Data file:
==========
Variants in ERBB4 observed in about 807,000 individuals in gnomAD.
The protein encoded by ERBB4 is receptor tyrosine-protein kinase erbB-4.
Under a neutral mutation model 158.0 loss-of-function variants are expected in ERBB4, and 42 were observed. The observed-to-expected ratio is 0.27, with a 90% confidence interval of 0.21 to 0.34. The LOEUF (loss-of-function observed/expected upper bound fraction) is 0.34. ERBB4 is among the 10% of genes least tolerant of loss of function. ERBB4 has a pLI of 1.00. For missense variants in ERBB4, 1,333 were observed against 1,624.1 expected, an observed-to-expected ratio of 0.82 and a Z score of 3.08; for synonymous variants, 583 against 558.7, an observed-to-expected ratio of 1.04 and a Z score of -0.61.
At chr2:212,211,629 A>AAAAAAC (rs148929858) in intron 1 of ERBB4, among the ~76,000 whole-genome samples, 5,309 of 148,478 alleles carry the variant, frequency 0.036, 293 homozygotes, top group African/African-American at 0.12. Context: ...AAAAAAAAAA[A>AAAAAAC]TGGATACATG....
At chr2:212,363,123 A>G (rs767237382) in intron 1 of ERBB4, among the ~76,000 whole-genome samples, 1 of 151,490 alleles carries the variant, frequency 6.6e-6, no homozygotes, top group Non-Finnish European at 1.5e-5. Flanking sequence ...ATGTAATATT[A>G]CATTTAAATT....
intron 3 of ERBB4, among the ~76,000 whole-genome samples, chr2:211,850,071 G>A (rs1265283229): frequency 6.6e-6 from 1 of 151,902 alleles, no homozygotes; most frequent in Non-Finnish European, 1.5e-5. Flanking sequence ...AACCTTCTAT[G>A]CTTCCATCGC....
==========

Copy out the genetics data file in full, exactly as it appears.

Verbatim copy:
Variants in ERBB4 observed in about 807,000 individuals in gnomAD.
The protein encoded by ERBB4 is receptor tyrosine-protein kinase erbB-4.
Under a neutral mutation model 158.0 loss-of-function variants are expected in ERBB4, and 42 were observed. The observed-to-expected ratio is 0.27, with a 90% confidence interval of 0.21 to 0.34. The LOEUF (loss-of-function observed/expected upper bound fraction) is 0.34. ERBB4 is among the 10% of genes least tolerant of loss of function. ERBB4 has a pLI of 1.00. For missense variants in ERBB4, 1,333 were observed against 1,624.1 expected, an observed-to-expected ratio of 0.82 and a Z score of 3.08; for synonymous variants, 583 against 558.7, an observed-to-expected ratio of 1.04 and a Z score of -0.61.
At chr2:212,211,629 A>AAAAAAC (rs148929858) in intron 1 of ERBB4, among the ~76,000 whole-genome samples, 5,309 of 148,478 alleles carry the variant, frequency 0.036, 293 homozygotes, top group African/African-American at 0.12. Context: ...AAAAAAAAAA[A>AAAAAAC]TGGATACATG....
At chr2:212,363,123 A>G (rs767237382) in intron 1 of ERBB4, among the ~76,000 whole-genome samples, 1 of 151,490 alleles carries the variant, frequency 6.6e-6, no homozygotes, top group Non-Finnish European at 1.5e-5. Flanking sequence ...ATGTAATATT[A>G]CATTTAAATT....
intron 3 of ERBB4, among the ~76,000 whole-genome samples, chr2:211,850,071 G>A (rs1265283229): frequency 6.6e-6 from 1 of 151,902 alleles, no homozygotes; most frequent in Non-Finnish European, 1.5e-5. Flanking sequence ...AACCTTCTAT[G>A]CTTCCATCGC....